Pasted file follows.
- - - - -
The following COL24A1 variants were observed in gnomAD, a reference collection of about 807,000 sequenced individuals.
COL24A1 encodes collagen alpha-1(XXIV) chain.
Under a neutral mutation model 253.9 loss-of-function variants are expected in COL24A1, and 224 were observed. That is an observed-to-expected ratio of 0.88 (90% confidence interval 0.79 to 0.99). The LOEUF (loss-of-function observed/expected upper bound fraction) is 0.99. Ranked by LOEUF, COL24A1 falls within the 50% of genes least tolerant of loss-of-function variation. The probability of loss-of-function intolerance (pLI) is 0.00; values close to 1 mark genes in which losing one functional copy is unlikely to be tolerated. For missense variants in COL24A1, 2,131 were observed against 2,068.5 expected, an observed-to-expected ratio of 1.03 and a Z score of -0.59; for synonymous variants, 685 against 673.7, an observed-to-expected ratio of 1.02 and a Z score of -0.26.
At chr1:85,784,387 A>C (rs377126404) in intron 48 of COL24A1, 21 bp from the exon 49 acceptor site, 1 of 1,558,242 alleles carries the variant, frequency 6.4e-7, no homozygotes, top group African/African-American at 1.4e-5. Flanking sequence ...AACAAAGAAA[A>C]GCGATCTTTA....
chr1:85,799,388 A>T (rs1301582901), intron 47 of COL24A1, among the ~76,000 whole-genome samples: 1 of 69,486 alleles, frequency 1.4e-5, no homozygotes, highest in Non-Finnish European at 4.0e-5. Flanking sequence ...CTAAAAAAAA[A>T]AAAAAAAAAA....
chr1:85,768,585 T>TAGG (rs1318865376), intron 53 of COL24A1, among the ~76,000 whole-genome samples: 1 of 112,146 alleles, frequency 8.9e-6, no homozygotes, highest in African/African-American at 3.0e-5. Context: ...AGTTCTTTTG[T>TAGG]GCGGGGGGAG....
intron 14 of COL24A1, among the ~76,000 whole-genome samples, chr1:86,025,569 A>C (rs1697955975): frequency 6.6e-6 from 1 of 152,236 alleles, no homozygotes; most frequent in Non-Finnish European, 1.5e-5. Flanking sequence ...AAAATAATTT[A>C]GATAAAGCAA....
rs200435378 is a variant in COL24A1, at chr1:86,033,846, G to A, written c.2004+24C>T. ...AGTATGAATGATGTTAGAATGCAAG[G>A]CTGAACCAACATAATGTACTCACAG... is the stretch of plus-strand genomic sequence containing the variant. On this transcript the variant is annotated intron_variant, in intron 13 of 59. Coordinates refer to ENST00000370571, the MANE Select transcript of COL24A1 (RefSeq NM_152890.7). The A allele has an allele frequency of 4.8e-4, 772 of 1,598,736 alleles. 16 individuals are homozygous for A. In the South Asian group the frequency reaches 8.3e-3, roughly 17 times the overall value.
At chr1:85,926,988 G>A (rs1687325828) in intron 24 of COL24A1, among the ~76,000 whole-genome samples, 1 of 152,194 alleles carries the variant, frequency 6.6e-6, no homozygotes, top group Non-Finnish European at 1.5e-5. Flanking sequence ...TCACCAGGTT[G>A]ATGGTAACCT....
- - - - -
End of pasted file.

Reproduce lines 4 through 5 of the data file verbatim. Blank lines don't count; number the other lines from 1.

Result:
At chr1:85,784,387 A>C (rs377126404) in intron 48 of COL24A1, 21 bp from the exon 49 acceptor site, 1 of 1,558,242 alleles carries the variant, frequency 6.4e-7, no homozygotes, top group African/African-American at 1.4e-5. Flanking sequence ...AACAAAGAAA[A>C]GCGATCTTTA....
chr1:85,799,388 A>T (rs1301582901), intron 47 of COL24A1, among the ~76,000 whole-genome samples: 1 of 69,486 alleles, frequency 1.4e-5, no homozygotes, highest in Non-Finnish European at 4.0e-5. Flanking sequence ...CTAAAAAAAA[A>T]AAAAAAAAAA....